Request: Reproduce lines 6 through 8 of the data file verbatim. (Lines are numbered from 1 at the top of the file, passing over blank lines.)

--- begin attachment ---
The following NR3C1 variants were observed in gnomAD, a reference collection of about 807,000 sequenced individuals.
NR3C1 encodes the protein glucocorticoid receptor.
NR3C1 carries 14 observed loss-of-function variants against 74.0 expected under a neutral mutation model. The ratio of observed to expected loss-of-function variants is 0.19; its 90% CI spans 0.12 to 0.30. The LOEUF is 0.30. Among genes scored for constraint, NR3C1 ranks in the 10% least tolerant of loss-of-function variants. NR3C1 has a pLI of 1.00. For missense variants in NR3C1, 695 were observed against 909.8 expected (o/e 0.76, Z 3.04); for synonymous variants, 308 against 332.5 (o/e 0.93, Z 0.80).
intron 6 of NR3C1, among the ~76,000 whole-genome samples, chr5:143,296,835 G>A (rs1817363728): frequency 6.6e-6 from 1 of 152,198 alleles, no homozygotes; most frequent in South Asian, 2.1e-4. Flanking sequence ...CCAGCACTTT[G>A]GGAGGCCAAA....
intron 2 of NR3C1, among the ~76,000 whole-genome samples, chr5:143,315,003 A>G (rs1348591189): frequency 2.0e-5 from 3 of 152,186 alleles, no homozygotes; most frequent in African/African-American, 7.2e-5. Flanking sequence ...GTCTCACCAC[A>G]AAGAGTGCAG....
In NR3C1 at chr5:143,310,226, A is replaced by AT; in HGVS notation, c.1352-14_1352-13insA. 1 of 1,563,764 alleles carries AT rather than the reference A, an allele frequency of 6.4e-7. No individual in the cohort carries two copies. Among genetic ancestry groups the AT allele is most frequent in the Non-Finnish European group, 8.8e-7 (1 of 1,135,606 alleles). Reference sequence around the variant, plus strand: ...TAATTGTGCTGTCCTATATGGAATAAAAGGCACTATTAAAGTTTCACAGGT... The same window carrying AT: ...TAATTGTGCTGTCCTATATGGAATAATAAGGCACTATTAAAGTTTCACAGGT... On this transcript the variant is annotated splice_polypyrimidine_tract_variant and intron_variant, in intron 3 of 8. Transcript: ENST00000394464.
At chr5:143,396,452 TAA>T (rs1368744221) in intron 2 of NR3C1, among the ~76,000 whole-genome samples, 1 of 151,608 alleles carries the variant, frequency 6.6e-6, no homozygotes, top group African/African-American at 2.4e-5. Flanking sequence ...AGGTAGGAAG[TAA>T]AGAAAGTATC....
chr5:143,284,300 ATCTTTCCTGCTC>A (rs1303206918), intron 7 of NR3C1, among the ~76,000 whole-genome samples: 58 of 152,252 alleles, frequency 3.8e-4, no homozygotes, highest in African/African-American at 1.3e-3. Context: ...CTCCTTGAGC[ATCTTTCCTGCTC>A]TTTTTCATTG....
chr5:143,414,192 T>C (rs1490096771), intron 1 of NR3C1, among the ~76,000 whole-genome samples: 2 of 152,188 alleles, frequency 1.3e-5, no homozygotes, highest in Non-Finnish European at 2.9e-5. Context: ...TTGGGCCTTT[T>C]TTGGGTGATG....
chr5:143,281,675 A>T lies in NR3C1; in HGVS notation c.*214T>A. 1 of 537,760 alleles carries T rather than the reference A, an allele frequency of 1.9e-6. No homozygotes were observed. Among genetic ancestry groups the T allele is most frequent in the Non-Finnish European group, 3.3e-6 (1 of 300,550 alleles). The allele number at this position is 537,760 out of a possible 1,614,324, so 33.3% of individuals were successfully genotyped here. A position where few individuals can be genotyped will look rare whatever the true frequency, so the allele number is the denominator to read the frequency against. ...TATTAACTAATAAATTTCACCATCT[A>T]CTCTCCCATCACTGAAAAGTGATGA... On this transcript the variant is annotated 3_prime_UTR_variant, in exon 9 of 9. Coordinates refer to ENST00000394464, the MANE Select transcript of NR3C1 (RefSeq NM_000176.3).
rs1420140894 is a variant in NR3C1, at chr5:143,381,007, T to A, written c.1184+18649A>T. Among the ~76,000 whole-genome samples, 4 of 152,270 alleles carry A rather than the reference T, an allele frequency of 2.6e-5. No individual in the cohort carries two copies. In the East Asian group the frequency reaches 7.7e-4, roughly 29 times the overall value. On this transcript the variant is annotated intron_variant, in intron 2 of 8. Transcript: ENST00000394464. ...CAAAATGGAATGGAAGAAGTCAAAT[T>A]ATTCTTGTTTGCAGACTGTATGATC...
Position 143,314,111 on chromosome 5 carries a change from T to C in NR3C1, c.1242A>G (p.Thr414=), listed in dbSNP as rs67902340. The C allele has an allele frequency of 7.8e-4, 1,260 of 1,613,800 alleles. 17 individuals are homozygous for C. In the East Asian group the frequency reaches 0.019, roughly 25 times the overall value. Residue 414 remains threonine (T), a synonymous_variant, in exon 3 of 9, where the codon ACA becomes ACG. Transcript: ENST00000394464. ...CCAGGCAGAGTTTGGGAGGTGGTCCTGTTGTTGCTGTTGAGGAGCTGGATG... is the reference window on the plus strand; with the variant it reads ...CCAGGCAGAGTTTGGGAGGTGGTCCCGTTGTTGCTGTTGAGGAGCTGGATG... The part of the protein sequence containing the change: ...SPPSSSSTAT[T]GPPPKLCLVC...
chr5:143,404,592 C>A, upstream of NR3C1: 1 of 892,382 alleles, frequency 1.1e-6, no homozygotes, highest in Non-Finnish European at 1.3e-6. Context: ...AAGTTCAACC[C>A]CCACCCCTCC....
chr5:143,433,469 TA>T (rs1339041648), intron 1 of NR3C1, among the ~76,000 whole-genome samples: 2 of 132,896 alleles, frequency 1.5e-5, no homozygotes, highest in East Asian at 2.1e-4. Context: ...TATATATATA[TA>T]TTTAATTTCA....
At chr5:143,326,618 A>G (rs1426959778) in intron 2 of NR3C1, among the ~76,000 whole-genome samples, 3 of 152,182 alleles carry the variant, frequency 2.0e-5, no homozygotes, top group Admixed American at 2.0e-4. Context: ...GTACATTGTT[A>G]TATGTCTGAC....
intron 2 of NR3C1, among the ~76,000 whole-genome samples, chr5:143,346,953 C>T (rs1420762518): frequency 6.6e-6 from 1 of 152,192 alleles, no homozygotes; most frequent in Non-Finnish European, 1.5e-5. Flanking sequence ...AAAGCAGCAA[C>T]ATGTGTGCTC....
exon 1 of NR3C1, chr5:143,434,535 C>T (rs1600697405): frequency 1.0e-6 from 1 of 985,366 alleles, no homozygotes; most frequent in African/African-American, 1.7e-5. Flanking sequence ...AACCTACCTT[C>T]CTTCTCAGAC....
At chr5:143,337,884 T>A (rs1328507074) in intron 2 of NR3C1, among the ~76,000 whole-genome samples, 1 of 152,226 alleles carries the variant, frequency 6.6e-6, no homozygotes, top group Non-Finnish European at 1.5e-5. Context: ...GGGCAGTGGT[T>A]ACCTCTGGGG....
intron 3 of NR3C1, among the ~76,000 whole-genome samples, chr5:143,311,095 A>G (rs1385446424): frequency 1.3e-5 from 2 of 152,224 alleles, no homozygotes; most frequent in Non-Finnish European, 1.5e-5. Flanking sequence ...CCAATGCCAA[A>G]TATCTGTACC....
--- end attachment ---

In NR3C1 at chr5:143,310,226, A is replaced by AT; in HGVS notation, c.1352-14_1352-13insA. 1 of 1,563,764 alleles carries AT rather than the reference A, an allele frequency of 6.4e-7. No individual in the cohort carries two copies. Among genetic ancestry groups the AT allele is most frequent in the Non-Finnish European group, 8.8e-7 (1 of 1,135,606 alleles). Reference sequence around the variant, plus strand: ...TAATTGTGCTGTCCTATATGGAATAAAAGGCACTATTAAAGTTTCACAGGT... The same window carrying AT: ...TAATTGTGCTGTCCTATATGGAATAATAAGGCACTATTAAAGTTTCACAGGT... On this transcript the variant is annotated splice_polypyrimidine_tract_variant and intron_variant, in intron 3 of 8. Transcript: ENST00000394464.
At chr5:143,396,452 TAA>T (rs1368744221) in intron 2 of NR3C1, among the ~76,000 whole-genome samples, 1 of 151,608 alleles carries the variant, frequency 6.6e-6, no homozygotes, top group African/African-American at 2.4e-5. Flanking sequence ...AGGTAGGAAG[TAA>T]AGAAAGTATC....
chr5:143,284,300 ATCTTTCCTGCTC>A (rs1303206918), intron 7 of NR3C1, among the ~76,000 whole-genome samples: 58 of 152,252 alleles, frequency 3.8e-4, no homozygotes, highest in African/African-American at 1.3e-3. Context: ...CTCCTTGAGC[ATCTTTCCTGCTC>A]TTTTTCATTG....